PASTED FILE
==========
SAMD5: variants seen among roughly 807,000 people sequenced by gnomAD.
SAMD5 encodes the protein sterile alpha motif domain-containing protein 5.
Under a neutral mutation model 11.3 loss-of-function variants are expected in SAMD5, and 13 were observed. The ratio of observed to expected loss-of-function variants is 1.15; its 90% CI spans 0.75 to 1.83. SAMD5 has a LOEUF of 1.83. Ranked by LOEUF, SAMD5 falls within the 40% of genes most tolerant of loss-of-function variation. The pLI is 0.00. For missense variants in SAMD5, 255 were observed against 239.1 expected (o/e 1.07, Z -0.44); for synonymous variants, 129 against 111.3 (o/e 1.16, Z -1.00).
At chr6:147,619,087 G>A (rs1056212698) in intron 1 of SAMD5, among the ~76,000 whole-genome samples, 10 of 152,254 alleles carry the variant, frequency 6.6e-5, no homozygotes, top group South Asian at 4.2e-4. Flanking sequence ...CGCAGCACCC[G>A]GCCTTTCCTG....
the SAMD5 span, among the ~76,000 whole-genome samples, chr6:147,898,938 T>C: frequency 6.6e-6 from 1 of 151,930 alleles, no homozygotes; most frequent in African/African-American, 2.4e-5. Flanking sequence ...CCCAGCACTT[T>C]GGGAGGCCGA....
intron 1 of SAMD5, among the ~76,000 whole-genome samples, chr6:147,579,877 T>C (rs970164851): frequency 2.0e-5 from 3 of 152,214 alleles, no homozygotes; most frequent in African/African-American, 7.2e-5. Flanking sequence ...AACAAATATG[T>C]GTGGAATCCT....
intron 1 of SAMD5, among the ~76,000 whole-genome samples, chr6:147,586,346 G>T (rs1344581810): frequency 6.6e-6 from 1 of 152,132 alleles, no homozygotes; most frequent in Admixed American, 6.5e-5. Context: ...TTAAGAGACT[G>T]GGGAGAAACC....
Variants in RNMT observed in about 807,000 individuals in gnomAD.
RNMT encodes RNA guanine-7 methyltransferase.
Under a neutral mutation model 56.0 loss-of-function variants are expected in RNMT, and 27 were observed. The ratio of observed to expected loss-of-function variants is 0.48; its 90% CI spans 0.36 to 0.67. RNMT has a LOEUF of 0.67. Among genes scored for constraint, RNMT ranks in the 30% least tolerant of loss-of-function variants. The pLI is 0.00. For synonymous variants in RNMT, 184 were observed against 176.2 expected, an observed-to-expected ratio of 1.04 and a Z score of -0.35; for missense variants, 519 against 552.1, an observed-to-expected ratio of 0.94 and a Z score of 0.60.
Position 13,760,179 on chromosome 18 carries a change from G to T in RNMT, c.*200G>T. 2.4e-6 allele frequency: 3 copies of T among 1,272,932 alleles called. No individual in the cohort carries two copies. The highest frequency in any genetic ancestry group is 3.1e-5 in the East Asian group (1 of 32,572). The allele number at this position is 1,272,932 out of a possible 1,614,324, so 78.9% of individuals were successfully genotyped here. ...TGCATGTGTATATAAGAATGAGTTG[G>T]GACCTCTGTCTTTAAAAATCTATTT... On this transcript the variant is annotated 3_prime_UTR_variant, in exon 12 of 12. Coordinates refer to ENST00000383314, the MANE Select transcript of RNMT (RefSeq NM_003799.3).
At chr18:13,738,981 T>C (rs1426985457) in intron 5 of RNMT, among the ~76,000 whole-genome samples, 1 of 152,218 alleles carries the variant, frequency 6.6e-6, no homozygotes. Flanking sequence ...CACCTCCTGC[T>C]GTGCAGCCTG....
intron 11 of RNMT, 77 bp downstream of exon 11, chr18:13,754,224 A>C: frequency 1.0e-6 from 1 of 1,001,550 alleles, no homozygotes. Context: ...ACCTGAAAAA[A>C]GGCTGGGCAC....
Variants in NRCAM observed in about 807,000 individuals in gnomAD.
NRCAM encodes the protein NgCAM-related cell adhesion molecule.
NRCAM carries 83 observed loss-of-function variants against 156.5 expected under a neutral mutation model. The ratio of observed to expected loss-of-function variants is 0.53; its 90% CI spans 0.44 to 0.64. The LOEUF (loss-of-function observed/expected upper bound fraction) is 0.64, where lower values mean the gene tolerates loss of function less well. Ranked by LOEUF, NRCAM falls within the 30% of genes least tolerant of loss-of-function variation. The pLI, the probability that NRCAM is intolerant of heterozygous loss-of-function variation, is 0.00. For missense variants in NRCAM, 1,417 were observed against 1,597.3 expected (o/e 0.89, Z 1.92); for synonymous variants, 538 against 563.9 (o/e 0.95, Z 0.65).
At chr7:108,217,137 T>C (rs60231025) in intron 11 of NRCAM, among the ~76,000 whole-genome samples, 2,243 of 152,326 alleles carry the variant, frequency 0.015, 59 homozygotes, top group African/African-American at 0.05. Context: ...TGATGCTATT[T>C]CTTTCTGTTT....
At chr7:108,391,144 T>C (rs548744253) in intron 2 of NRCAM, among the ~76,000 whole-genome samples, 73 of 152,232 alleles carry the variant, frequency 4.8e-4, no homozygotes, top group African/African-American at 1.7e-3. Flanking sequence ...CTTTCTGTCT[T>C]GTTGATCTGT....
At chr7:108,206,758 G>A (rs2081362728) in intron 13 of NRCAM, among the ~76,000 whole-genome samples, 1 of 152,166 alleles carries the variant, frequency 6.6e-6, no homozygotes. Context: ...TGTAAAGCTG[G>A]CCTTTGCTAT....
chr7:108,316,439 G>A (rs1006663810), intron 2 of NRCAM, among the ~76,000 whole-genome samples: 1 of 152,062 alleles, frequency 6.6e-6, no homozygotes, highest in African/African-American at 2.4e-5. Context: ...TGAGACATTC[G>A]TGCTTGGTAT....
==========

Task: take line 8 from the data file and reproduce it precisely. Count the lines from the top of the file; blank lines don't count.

Variants in RNMT observed in about 807,000 individuals in gnomAD.